As an anxious person with a job that requires me to sit at a desk for long periods of time, my back is an absolute wasteland of knots. Come day’s end, the upper muscles of my back feel heavier, as though I’ve been wearing some sort of cement yoke.
I take some measures. I stretch and stand often. And sometimes, although not often enough, I foam roll. It all helps. But I still need something to really get in there and work out those troublesome knots. Over the years, I’ve tried a variety of recommended options, from massage rollers to cape-like massagers that draped over my shoulders and made me feel as though I was preparing for a dental X-ray, to a Wimbledon’s worth of tennis balls. None really got the job done. Then, a little while back, a friend of mine, a professional dancer no stranger to muscle soreness, recommended the Thera Cane. And let me tell you, it’s the best thing to happen to my back.
Developed by a chronic pain patient who was recovering from both neck surgery and a herniated disc, the Thera Cane is a j-shaped plastic cane. It sort of resembles a coat rack or one of those long hooks used to quickly yank bad performers off vaudeville stages. Its 25-inches long and weighs about a pound. On the cane are six fiberglass pressure knobs; two smaller poles jut off of it too.
Yes, it’s funny looking. But, boy does it work. To use it, you grip the non-hooked end and angle the Thera Cane in such a way that one of its knobs able to reach a sore spot. Then, you apply pressure by pushing the handle out and begin to release the tension. Basically, those little knobs press into your knots and you use force the same way you would when wedging a crowbar into a window frame — except its far less aggressive.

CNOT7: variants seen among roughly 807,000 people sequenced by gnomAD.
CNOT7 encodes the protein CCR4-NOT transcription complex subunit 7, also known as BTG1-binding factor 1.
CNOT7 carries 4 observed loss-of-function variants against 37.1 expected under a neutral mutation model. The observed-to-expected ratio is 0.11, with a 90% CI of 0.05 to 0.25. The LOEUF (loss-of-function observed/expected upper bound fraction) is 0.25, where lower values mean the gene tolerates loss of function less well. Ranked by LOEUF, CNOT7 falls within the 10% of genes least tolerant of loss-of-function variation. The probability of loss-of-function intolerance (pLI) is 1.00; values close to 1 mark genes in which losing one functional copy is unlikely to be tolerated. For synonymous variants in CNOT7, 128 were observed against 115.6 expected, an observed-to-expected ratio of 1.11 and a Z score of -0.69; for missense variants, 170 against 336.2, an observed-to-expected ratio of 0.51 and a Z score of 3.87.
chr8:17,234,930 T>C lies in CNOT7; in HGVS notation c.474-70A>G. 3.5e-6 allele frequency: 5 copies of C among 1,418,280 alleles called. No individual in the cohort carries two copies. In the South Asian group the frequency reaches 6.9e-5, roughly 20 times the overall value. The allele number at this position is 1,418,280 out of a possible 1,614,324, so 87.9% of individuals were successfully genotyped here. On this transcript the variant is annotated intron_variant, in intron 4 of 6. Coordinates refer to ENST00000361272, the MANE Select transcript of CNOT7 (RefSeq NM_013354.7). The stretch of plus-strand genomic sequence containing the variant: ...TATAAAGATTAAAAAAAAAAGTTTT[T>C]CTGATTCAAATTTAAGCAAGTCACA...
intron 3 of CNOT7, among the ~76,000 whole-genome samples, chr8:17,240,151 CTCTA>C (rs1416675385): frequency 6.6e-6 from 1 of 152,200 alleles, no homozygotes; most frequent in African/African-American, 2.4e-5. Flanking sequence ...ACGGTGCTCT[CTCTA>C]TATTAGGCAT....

This is not hyperbole, friends: The Thera Cane works out the knots in my back in a way that no other massager has. Thanks to its unique shape, I’m able to pinpoint the exact trouble spot and really jam it in there. I can reach trouble spots easily and apply the right amount of pressure. Perhaps the best part of the Thera Cane is the way it allows me to have control of the amount of force I apply. I can easily dial in a bit more or a bit less with very little effort and release those tension points. In short, it helps me chisel away at that cement yoke and feel better at day’s end.
Of course, the Thera Cane is meant for a variety of muscle aches, not the upper back. I use it on my neck, shoulders, and quads, too. I’ve found it particularly useful for massaging my IT bands, which, also thanks to my daily routine of sitting, sitting, and more sitting, feel like steel rods. Massaging each area properly requires you to position the Thera Cane just so, but there’s a how-to list of tension relieving exercises and explanations you can find here.
Will the Thera Cane help you? I don’t know. I’m just a guy who sits all day. But it’s helped me and, if it can provide some relief for you, well, that’s a great thing. Either way, it sure beats buying a gross of tennis balls.
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